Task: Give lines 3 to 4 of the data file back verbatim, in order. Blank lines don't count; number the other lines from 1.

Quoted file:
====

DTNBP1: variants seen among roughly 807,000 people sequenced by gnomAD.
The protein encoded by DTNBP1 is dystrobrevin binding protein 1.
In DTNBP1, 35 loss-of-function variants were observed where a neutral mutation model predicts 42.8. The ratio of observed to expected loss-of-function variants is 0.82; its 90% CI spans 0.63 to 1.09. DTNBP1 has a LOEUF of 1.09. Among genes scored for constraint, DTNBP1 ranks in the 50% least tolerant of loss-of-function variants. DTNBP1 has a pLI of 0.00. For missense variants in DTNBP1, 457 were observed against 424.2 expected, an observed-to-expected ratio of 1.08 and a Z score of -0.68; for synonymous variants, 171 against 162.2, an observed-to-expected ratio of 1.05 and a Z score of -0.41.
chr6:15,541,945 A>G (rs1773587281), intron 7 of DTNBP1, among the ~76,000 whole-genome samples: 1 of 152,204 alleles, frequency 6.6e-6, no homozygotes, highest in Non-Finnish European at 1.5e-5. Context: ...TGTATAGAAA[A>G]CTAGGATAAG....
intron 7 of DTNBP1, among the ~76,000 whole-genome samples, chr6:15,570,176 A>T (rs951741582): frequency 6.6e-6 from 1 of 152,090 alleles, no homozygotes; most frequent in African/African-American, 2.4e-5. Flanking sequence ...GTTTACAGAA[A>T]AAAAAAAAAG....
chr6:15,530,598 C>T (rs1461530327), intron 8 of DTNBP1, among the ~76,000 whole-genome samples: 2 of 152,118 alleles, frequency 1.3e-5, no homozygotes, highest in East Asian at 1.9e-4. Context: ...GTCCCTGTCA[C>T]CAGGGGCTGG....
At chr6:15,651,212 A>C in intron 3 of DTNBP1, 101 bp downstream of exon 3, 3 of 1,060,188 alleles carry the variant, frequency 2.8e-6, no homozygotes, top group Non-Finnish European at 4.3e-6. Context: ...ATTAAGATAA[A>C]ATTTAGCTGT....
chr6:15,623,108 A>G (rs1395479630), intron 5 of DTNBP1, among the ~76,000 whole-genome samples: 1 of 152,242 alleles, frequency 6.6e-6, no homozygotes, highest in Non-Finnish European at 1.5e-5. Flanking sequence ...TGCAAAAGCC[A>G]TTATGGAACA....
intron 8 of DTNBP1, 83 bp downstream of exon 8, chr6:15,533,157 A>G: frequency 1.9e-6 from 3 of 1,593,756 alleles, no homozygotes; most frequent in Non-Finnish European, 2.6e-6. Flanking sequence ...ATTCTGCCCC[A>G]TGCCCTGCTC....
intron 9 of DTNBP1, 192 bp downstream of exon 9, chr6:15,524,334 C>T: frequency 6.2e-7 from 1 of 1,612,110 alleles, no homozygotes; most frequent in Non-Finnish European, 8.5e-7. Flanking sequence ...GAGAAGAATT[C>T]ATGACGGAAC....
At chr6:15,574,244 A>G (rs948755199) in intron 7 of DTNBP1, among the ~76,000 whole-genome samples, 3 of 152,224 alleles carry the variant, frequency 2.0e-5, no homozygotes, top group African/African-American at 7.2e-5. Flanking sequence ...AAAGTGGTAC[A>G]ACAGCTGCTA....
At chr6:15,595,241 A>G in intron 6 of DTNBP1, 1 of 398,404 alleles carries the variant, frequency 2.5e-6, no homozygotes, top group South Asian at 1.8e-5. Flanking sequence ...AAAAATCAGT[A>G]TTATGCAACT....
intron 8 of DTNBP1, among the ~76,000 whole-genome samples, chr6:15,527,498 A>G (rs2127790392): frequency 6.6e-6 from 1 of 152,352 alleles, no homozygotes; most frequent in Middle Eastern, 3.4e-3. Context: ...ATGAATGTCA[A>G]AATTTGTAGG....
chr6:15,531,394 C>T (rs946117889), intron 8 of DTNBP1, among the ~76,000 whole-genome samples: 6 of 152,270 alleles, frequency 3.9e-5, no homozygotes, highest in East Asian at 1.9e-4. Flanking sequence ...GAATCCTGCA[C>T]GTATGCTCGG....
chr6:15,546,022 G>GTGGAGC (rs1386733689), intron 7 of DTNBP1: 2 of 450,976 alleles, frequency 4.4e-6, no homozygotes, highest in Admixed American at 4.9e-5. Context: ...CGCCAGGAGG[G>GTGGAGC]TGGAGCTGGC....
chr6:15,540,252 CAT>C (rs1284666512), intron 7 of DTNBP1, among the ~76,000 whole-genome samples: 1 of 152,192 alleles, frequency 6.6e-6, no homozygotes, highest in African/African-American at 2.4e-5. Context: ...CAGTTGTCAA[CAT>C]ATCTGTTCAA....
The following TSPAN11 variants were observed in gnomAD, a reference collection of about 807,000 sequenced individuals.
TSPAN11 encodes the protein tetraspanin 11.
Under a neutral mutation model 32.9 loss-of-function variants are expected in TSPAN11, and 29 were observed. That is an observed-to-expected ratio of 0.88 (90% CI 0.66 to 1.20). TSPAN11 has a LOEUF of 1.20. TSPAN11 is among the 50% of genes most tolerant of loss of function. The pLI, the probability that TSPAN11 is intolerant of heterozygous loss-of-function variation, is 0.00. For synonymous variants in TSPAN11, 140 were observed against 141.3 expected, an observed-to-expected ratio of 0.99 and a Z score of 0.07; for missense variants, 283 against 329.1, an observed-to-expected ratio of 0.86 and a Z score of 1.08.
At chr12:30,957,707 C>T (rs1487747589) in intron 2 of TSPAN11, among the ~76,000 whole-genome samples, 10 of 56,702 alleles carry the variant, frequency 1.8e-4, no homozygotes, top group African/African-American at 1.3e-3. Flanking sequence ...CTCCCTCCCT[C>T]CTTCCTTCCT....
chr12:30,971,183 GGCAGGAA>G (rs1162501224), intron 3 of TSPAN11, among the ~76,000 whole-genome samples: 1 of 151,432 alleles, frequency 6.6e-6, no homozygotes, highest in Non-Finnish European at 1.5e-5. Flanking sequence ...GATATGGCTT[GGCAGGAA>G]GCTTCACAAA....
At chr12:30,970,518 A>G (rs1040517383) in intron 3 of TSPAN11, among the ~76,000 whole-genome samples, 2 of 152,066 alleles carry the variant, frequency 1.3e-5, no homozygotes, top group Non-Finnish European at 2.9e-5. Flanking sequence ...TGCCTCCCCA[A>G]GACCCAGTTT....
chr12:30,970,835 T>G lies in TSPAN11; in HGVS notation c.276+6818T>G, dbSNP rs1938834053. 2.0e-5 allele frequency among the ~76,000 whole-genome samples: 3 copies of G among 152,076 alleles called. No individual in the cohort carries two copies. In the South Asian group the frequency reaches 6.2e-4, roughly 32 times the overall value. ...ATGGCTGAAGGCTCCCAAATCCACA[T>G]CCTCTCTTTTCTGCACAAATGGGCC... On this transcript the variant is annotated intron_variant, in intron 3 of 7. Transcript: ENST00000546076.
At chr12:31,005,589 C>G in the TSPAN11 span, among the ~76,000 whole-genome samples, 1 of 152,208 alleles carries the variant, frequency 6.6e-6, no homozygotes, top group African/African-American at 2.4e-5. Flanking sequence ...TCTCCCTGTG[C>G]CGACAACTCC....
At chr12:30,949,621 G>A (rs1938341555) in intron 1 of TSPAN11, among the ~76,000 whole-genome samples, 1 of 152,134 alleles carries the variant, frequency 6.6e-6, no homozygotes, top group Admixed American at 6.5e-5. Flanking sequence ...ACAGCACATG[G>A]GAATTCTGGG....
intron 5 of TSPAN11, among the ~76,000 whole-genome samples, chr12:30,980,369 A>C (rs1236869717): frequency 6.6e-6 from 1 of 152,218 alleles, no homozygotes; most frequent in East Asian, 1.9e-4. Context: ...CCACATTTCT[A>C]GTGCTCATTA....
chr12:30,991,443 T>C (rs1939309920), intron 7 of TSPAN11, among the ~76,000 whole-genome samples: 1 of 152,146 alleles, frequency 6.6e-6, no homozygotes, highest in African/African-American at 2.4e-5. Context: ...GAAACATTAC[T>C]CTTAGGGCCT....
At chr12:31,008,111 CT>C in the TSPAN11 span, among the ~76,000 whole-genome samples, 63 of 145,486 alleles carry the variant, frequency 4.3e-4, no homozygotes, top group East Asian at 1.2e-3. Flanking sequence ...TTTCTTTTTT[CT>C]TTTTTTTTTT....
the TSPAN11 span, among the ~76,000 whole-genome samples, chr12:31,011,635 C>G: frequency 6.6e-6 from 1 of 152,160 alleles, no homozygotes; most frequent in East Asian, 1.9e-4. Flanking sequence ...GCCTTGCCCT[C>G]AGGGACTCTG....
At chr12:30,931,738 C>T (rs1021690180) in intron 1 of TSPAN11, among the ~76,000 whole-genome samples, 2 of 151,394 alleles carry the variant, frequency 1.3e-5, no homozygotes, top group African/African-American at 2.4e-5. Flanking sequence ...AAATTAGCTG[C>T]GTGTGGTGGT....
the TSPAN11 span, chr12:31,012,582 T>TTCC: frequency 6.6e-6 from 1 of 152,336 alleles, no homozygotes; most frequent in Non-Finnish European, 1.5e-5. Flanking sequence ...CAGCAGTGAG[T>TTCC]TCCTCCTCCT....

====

In DTNBP1, 35 loss-of-function variants were observed where a neutral mutation model predicts 42.8. The ratio of observed to expected loss-of-function variants is 0.82; its 90% CI spans 0.63 to 1.09. DTNBP1 has a LOEUF of 1.09. Among genes scored for constraint, DTNBP1 ranks in the 50% least tolerant of loss-of-function variants. DTNBP1 has a pLI of 0.00. For missense variants in DTNBP1, 457 were observed against 424.2 expected, an observed-to-expected ratio of 1.08 and a Z score of -0.68; for synonymous variants, 171 against 162.2, an observed-to-expected ratio of 1.05 and a Z score of -0.41.
chr6:15,541,945 A>G (rs1773587281), intron 7 of DTNBP1, among the ~76,000 whole-genome samples: 1 of 152,204 alleles, frequency 6.6e-6, no homozygotes, highest in Non-Finnish European at 1.5e-5. Context: ...TGTATAGAAA[A>G]CTAGGATAAG....